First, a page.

IAF forced to fly MiG 21s till 2017 due to Tejas delay


The MiG-21 fighter jet, which has provided stellar service to the country, has been dubbed the flying coffin due to its high crash rate. The figures are simply chilling. Of the 793 MiG-21 s inducted into IAF since 1963, well over 350 have been lost in accidents, killing about 170 pilots .
The horrific crash rate of earlier decades has been controlled to a large extent but IAF will be forced to fly the upgraded MiG-21 “Bisons” till 2017 because of the huge delay in the development of the indigenous Tejas light combat aircraft (LCA), which is over 27 years in the making.

Most accidents of the single-engine MiG-21 s, which are of the 1960s design vintage without modern systems like FADEC (full authority digital electronic controls) and mission computers, occur during take-off and landing. “A MiG-21 ‘s rate of descent is around 8 metres per second-… the touch-down speed is phenomenal,” said an officer.

Then, there is inadequate transitional training, shoddy quality control on supply of spares, poor servicing and maintenance, all of which add up to ensure flying the highly-demanding MiG-21 s remains a risky proposition.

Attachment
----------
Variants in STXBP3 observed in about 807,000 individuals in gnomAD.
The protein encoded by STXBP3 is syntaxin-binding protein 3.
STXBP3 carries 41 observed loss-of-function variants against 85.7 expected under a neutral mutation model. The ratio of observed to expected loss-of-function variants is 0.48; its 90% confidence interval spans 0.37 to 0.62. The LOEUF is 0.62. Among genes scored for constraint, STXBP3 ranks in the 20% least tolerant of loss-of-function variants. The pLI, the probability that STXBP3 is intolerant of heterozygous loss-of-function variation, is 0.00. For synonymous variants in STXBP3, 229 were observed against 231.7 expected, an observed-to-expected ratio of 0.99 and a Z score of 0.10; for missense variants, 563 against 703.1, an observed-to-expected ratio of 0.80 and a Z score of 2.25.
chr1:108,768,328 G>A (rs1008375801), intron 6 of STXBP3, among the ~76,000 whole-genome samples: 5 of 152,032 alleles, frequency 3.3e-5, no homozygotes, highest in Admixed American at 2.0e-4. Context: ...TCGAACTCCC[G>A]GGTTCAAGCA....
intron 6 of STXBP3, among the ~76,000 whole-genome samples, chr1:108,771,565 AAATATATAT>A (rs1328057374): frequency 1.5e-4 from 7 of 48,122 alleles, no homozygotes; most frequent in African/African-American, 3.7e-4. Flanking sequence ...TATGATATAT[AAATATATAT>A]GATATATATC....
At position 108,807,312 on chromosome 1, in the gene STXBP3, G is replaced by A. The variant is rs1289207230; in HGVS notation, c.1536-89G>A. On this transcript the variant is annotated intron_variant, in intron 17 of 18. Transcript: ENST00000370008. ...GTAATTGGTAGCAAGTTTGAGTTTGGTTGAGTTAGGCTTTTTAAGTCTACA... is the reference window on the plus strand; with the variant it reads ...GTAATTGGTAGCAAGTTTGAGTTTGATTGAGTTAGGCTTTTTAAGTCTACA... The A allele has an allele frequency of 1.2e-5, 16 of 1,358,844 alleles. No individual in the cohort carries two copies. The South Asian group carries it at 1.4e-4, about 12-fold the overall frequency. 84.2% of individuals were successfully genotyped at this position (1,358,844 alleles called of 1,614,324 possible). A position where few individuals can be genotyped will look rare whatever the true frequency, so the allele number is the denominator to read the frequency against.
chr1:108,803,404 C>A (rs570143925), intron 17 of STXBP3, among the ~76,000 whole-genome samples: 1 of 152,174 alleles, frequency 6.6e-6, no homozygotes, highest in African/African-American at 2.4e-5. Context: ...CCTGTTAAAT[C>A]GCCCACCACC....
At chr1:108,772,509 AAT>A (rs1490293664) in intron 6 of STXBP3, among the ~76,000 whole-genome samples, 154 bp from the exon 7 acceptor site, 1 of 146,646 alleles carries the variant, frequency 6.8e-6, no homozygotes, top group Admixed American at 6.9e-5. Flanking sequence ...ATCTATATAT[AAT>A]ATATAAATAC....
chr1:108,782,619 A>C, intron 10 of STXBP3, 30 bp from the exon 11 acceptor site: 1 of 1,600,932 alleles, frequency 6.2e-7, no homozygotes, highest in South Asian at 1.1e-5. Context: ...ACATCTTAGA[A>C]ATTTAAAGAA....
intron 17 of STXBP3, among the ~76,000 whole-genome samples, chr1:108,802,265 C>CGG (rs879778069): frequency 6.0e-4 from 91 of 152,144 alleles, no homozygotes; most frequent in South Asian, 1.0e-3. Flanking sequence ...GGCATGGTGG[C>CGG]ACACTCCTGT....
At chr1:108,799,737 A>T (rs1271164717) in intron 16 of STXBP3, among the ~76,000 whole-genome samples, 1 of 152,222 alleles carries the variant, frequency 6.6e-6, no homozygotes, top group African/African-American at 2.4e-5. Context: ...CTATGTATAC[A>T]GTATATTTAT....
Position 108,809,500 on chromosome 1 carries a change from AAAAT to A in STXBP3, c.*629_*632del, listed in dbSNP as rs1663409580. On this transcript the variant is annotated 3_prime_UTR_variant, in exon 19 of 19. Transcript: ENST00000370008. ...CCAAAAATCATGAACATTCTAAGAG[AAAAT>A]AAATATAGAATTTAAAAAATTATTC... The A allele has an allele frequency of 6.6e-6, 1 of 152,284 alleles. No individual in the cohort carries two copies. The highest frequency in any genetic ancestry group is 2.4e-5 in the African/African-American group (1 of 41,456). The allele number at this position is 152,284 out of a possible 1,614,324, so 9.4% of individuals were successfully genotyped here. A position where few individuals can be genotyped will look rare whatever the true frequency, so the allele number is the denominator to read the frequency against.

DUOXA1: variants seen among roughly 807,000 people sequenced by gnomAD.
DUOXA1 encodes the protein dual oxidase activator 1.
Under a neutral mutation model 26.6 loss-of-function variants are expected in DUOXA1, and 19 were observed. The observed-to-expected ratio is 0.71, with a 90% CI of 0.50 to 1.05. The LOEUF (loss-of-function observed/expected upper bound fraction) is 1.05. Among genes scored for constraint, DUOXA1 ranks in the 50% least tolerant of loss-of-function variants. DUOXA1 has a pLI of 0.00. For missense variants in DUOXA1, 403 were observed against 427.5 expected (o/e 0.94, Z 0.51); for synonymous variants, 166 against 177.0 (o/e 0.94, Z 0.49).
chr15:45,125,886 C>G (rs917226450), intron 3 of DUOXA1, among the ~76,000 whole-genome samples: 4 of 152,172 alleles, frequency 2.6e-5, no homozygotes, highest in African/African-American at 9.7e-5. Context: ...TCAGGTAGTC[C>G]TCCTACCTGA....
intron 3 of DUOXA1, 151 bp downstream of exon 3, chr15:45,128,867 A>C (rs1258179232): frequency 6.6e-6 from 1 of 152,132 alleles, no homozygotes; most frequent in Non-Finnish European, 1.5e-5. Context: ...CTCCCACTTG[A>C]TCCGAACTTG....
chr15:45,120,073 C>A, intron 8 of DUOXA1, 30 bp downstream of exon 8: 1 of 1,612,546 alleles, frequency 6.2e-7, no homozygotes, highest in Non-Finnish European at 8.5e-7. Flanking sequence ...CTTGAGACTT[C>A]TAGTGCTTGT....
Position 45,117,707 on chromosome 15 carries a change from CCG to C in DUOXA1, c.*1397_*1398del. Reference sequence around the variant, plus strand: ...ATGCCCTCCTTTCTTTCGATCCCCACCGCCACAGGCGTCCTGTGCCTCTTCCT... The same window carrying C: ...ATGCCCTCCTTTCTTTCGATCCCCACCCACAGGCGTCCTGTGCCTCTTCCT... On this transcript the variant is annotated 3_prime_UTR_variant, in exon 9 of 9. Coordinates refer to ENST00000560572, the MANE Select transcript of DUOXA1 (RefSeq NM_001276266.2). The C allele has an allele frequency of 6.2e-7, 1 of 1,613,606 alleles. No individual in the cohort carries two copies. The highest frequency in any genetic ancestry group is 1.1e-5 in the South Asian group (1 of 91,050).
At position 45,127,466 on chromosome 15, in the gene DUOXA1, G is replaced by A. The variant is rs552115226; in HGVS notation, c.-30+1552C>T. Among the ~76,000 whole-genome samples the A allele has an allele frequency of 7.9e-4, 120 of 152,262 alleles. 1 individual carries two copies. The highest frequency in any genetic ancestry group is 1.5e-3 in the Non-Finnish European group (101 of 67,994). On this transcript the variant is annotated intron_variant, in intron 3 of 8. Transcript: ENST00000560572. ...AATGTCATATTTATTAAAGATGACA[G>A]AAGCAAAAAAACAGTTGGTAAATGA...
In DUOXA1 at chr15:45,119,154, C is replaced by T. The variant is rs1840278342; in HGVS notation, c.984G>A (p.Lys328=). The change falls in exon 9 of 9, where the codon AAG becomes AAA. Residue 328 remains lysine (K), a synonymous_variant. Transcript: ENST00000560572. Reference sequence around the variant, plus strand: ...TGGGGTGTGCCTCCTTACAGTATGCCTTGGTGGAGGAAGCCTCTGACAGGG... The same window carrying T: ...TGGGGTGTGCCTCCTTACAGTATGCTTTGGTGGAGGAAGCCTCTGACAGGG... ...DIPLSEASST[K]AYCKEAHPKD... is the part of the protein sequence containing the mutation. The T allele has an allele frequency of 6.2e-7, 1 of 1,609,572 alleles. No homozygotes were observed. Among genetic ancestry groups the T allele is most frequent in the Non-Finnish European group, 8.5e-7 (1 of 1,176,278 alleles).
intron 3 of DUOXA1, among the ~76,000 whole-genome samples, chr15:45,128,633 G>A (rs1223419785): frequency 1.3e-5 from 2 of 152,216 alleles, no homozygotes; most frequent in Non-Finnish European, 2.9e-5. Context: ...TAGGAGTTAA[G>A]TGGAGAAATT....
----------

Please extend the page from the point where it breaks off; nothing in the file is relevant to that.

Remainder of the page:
Though IAF has been progressively “number-plating’ ‘ older MiG-21 variants, it has had to go very slow because of the inordinate delay in Tejas, the first squadron of which is now slated to become fully operational only by 2013 or so.

The around 110 MiG-21 “Bisons” in IAF combat fleet, which were earlier upgraded with new avionics, improved gearboxes and cockpits, and the capability to fire some BVR (beyond-visual range) missiles, will remain in operation till 2017.

This is the second crash of a MiG-21 this year. A MiG-21 ‘Bison’ had crashed in Madhya Pradesh’s Sheopur district after an engine problem in February, but the pilot had then managed to eject safely.

IAF has recorded 25 fighter crashes in the last three years, killing five pilots and as many civilians. Of them, over a dozen were MiG-21 s.

After a major dip in the crash rate between 2003 and 2006, the armed forces are once again grappling with a high crash rate. In just the last three years, for instance, there have been over 65 crashes of fighters, transport aircraft and helicopters. Almost 60 military personnel, apart from several civilians, have been killed in these crashes.

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Posted by pilotpaul on Aug 3 2011. Filed under All News. You can follow any responses to this entry through the RSS 2.0. Both comments and pings are currently closed.

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